In the coming collapse, Bitcoin may be a better way to transact and preserve wealth than gold. Or it may not, but it’s a good idea to learn as much as possible about both. From Nick Gaimbruno at internationalman.com:
Bitcoin has been likened to the platypus… which sounds like an odd comparison.
The platypus is a strange duck-billed mammal with webbed feet and a furry body like a beaver. It has characteristics of birds, mammals, and reptiles. Females lay eggs but also nurse their young with milk. Males produce a potent venom.
When Europeans discovered the platypus in Australia in 1798, they wrote letters to folks at home to describe this bizarre new animal. People thought the platypus was a joke or a hoax—because it didn’t fit into the classification of animals at that time.
But it was a real animal.
People just didn’t understand it because it was a new thing that didn’t fit into the established paradigms.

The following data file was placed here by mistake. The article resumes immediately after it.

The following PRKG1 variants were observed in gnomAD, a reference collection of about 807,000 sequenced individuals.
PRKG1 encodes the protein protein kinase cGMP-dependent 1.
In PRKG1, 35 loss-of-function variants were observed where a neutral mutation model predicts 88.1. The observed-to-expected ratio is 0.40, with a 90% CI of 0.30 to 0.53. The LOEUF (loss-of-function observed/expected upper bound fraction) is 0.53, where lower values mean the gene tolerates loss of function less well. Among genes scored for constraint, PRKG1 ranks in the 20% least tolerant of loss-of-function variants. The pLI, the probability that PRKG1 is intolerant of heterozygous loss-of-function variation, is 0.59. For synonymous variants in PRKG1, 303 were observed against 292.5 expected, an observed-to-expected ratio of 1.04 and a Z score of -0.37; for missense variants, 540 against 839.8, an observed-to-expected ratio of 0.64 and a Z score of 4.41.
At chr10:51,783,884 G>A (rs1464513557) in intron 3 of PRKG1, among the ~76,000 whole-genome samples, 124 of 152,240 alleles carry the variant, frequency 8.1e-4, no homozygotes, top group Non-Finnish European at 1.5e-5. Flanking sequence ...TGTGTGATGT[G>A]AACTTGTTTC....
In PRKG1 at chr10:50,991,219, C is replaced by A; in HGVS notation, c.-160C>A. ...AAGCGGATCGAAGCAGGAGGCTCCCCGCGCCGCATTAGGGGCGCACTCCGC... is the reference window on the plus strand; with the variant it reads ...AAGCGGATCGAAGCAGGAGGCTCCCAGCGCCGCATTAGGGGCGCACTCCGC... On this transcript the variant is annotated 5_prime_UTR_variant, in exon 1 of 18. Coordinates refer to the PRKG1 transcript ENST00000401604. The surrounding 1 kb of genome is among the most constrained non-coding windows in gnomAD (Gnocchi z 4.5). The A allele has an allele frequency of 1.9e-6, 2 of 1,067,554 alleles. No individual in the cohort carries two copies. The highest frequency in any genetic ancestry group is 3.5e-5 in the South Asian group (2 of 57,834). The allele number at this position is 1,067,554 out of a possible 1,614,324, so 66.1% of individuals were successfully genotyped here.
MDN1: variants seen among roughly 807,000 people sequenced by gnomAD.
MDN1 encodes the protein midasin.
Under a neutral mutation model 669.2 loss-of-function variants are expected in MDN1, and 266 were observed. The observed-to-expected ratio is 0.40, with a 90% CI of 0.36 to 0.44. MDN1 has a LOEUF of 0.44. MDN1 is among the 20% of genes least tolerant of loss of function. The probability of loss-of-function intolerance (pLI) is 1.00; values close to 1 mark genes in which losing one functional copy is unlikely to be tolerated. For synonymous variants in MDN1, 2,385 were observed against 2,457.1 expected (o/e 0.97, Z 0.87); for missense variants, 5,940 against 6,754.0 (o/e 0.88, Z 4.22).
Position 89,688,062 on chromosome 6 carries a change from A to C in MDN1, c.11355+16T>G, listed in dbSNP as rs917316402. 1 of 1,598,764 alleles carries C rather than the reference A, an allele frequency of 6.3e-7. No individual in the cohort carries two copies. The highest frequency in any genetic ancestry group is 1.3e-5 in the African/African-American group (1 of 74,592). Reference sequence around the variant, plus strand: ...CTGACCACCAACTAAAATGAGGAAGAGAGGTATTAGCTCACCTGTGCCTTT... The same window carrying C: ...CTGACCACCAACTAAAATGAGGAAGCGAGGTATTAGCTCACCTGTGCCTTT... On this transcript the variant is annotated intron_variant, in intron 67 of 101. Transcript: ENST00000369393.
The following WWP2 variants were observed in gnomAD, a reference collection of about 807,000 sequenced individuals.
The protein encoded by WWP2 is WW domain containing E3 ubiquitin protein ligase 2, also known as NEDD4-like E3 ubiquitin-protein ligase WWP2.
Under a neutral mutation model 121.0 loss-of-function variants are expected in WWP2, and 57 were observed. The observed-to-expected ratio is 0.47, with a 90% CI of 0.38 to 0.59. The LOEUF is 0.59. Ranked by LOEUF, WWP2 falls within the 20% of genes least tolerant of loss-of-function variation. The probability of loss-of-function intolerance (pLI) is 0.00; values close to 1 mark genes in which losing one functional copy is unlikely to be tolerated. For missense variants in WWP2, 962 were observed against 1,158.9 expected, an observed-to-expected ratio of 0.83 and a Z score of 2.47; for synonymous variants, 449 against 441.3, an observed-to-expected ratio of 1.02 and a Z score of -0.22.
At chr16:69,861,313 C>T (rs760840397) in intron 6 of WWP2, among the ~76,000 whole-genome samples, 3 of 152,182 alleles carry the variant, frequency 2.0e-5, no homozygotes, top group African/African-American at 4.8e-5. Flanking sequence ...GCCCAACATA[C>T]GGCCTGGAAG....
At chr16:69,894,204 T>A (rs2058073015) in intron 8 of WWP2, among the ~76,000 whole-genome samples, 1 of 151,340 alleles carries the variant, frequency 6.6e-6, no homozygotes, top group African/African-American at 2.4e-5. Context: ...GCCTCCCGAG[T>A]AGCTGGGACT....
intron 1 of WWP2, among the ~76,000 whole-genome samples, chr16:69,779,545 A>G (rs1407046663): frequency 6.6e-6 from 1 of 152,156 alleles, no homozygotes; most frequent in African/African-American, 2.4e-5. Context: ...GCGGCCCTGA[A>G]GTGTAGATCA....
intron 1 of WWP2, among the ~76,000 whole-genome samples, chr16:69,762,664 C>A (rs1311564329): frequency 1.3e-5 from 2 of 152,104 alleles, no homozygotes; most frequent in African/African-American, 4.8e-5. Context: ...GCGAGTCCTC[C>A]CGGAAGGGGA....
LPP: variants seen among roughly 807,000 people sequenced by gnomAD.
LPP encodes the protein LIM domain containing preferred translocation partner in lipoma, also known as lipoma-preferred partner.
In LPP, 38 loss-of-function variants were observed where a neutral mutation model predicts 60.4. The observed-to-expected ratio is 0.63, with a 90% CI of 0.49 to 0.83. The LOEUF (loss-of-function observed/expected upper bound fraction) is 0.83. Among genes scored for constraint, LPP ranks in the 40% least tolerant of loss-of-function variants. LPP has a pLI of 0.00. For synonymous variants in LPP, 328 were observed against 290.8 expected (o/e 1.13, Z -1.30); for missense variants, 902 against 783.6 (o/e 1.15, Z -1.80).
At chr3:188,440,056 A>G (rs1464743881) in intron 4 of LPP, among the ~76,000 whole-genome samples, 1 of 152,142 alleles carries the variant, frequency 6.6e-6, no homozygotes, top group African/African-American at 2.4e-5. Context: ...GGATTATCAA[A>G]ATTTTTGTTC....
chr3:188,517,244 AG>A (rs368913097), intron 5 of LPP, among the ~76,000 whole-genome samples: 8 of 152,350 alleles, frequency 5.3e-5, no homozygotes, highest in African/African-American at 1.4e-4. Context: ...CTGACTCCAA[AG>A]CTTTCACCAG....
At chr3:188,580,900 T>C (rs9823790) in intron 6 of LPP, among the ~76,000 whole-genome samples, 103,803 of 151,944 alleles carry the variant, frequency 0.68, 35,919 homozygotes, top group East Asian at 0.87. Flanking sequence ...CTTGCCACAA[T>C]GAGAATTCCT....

Bitcoin is much the same. It doesn’t fit into the framework of traditional financial analysis metrics.
There is no P/E (price-to-earnings) ratio because Bitcoin has no earnings.
There is no P/B (price-to-book) ratio because Bitcoin has no book value.
Bitcoin has no CEO, no marketing department, and no employees.
Bitcoin is an entirely new asset people are adopting as money because of its superior monetary properties, namely its resistance to inflation.
The monetization of a new global money is genuinely unlike anything anyone alive has ever seen before. There is nothing else comparable.
Like the platypus, Bitcoin is an entirely new animal. That’s why Bitcoin confuses many people, including prominent investment professionals.